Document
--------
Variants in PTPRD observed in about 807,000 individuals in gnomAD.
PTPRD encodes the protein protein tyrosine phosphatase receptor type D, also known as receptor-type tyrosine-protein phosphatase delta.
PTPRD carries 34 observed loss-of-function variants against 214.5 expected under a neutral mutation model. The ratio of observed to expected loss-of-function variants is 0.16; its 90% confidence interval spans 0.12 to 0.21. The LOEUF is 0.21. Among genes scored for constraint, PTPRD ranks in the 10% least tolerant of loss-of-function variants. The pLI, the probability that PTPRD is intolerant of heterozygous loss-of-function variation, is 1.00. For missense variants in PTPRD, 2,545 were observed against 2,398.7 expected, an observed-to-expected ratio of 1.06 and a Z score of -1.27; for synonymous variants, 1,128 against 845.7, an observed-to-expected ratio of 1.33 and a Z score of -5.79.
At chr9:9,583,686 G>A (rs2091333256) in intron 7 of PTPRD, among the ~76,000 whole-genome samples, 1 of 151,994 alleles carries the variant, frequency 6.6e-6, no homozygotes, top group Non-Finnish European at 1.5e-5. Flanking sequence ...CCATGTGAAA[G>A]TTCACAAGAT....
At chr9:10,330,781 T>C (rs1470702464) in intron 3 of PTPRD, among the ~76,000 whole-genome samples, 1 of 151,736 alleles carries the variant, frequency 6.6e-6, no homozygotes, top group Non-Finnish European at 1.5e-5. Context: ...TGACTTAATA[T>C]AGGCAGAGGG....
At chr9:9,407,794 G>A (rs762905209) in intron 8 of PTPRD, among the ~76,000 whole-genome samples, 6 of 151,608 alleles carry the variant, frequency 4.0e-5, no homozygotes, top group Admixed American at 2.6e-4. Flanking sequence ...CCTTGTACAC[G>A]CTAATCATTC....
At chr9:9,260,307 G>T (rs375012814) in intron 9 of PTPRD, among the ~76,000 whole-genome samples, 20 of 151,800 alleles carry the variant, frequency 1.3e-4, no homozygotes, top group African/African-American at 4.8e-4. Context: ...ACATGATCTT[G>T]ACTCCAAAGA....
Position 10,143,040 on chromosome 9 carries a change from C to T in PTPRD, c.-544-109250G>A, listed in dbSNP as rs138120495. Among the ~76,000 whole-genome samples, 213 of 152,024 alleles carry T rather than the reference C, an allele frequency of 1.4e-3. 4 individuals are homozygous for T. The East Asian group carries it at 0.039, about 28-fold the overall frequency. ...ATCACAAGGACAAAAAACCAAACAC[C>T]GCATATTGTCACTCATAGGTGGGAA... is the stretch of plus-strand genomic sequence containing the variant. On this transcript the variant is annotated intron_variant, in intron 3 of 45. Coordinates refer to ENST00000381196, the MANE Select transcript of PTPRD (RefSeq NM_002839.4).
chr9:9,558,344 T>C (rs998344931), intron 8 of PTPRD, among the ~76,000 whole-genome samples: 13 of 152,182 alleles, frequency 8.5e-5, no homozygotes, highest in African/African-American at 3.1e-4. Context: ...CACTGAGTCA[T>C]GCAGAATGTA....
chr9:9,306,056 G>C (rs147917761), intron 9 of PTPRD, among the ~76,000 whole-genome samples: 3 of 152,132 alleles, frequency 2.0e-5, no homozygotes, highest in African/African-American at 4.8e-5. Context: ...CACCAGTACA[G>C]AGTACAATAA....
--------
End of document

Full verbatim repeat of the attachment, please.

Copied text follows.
Variants in PTPRD observed in about 807,000 individuals in gnomAD.
PTPRD encodes the protein protein tyrosine phosphatase receptor type D, also known as receptor-type tyrosine-protein phosphatase delta.
PTPRD carries 34 observed loss-of-function variants against 214.5 expected under a neutral mutation model. The ratio of observed to expected loss-of-function variants is 0.16; its 90% confidence interval spans 0.12 to 0.21. The LOEUF is 0.21. Among genes scored for constraint, PTPRD ranks in the 10% least tolerant of loss-of-function variants. The pLI, the probability that PTPRD is intolerant of heterozygous loss-of-function variation, is 1.00. For missense variants in PTPRD, 2,545 were observed against 2,398.7 expected, an observed-to-expected ratio of 1.06 and a Z score of -1.27; for synonymous variants, 1,128 against 845.7, an observed-to-expected ratio of 1.33 and a Z score of -5.79.
At chr9:9,583,686 G>A (rs2091333256) in intron 7 of PTPRD, among the ~76,000 whole-genome samples, 1 of 151,994 alleles carries the variant, frequency 6.6e-6, no homozygotes, top group Non-Finnish European at 1.5e-5. Flanking sequence ...CCATGTGAAA[G>A]TTCACAAGAT....
At chr9:10,330,781 T>C (rs1470702464) in intron 3 of PTPRD, among the ~76,000 whole-genome samples, 1 of 151,736 alleles carries the variant, frequency 6.6e-6, no homozygotes, top group Non-Finnish European at 1.5e-5. Context: ...TGACTTAATA[T>C]AGGCAGAGGG....
At chr9:9,407,794 G>A (rs762905209) in intron 8 of PTPRD, among the ~76,000 whole-genome samples, 6 of 151,608 alleles carry the variant, frequency 4.0e-5, no homozygotes, top group Admixed American at 2.6e-4. Flanking sequence ...CCTTGTACAC[G>A]CTAATCATTC....
At chr9:9,260,307 G>T (rs375012814) in intron 9 of PTPRD, among the ~76,000 whole-genome samples, 20 of 151,800 alleles carry the variant, frequency 1.3e-4, no homozygotes, top group African/African-American at 4.8e-4. Context: ...ACATGATCTT[G>T]ACTCCAAAGA....
Position 10,143,040 on chromosome 9 carries a change from C to T in PTPRD, c.-544-109250G>A, listed in dbSNP as rs138120495. Among the ~76,000 whole-genome samples, 213 of 152,024 alleles carry T rather than the reference C, an allele frequency of 1.4e-3. 4 individuals are homozygous for T. The East Asian group carries it at 0.039, about 28-fold the overall frequency. ...ATCACAAGGACAAAAAACCAAACAC[C>T]GCATATTGTCACTCATAGGTGGGAA... is the stretch of plus-strand genomic sequence containing the variant. On this transcript the variant is annotated intron_variant, in intron 3 of 45. Coordinates refer to ENST00000381196, the MANE Select transcript of PTPRD (RefSeq NM_002839.4).
chr9:9,558,344 T>C (rs998344931), intron 8 of PTPRD, among the ~76,000 whole-genome samples: 13 of 152,182 alleles, frequency 8.5e-5, no homozygotes, highest in African/African-American at 3.1e-4. Context: ...CACTGAGTCA[T>C]GCAGAATGTA....
chr9:9,306,056 G>C (rs147917761), intron 9 of PTPRD, among the ~76,000 whole-genome samples: 3 of 152,132 alleles, frequency 2.0e-5, no homozygotes, highest in African/African-American at 4.8e-5. Context: ...CACCAGTACA[G>C]AGTACAATAA....